Chicken is much juicier cooked on the bone, for one thing. If you are gonna start with a massive slab of chicken breast, you are already behind the eight ball, my friend.
Most places have chicken that’s an inch or more thick on their sandwiches. Why? That’s all but guaranteed to be dry and unflavorful and unpleasant to eat. So then you slather on a bunch of other s*** to make it work? And it all slides around and is messy and a disaster. The proportions are all off.
It’s not a good look. There are few food trends I can think of that have universally failed in execution. I’ve stopped ordering fried chicken sandwiches because even the “good” ones are terrible.
Then, Sunday we went to our new favorite place in Palm Springs, Holiday House
. I hesitate to tell you about it, because we can always get in and it’s so delightful. It’s the best kept secret here, IMHO.
It’s like Sparrows, if the service was quick and the menu was more varied. (Sorry, Sparrows, you are delightful, but we cannot go there unless we’ve got two hours to burn.) It’s like that one good time we ate at the Arrive. (The Arrive is the most inconsistent place in PS, IMHO. The Ace can also be inconsistent, but I forgive it for some reason. Maybe because we lived there for a month and I just will always love it.)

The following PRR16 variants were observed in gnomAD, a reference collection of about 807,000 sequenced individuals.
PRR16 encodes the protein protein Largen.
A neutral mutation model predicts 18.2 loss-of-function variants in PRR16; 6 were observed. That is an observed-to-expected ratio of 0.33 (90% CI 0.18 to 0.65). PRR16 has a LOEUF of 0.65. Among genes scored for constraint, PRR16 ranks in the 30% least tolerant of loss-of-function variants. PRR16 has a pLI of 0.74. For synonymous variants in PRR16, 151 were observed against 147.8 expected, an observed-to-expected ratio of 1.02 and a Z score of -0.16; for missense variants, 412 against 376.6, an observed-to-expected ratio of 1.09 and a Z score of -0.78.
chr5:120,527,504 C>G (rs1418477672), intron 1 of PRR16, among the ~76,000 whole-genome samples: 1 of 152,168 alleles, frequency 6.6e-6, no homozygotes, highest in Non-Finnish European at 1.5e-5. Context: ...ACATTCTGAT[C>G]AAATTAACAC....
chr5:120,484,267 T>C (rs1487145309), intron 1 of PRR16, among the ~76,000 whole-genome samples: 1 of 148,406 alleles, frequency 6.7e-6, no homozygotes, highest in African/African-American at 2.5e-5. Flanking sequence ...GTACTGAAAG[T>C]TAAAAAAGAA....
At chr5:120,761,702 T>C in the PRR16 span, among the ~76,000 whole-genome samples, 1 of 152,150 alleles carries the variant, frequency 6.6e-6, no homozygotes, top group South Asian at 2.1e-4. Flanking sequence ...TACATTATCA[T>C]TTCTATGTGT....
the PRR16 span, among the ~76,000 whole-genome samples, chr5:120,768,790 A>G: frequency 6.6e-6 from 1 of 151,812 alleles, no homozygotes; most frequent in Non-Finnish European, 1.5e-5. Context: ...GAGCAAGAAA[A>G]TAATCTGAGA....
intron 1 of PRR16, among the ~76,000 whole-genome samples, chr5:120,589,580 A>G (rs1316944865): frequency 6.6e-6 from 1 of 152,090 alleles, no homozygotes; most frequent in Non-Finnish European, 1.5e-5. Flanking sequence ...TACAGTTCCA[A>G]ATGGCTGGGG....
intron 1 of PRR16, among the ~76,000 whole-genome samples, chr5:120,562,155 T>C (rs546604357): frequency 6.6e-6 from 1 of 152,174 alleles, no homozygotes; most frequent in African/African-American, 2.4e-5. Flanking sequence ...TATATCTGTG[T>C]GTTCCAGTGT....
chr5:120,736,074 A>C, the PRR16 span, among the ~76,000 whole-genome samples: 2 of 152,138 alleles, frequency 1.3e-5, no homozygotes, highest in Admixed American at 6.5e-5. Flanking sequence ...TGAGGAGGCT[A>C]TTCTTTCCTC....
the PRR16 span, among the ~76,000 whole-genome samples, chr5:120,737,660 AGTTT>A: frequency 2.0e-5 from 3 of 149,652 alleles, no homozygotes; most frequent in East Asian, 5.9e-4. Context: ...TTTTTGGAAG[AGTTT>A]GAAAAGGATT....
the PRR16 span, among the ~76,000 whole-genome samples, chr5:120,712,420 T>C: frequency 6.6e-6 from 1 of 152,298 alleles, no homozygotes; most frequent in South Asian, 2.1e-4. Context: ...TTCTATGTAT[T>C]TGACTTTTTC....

Anyway, Holiday House. The club sandwich? Amazing. The nicoise salad? Gorgeous. The simple hot dog? Just what you want in a simple hot dog. The rose? The driest I’ve ever had. The margarita? As the menu says, it’s “perfect.”
The BUCKET OF VEGGIES? Maybe the best appetizer in the history of the world.
The homemade cookies? Incredible.
I even love their ice.
The fries? Fine, not as good as Tylers. The burger? A burger. But still.
But everything is consistent and the service is awesome. So when we stared down touristy lines all over downtown Sunday, we looked at each other and knew we needed to go to Holiday House for the second (or third?) time THAT WEEK.
“Welcome back,” our server said.
“We thought about going somewhere else…” I trailed… awkwardly.
“But why?” she said.
“Exactly,” we both said.
The only thing we hadn’t tried (I think?) was the fried chicken sandwich.
“Level with me,” I said to the server. “Is it good or is it like every other fried chicken sandwich?”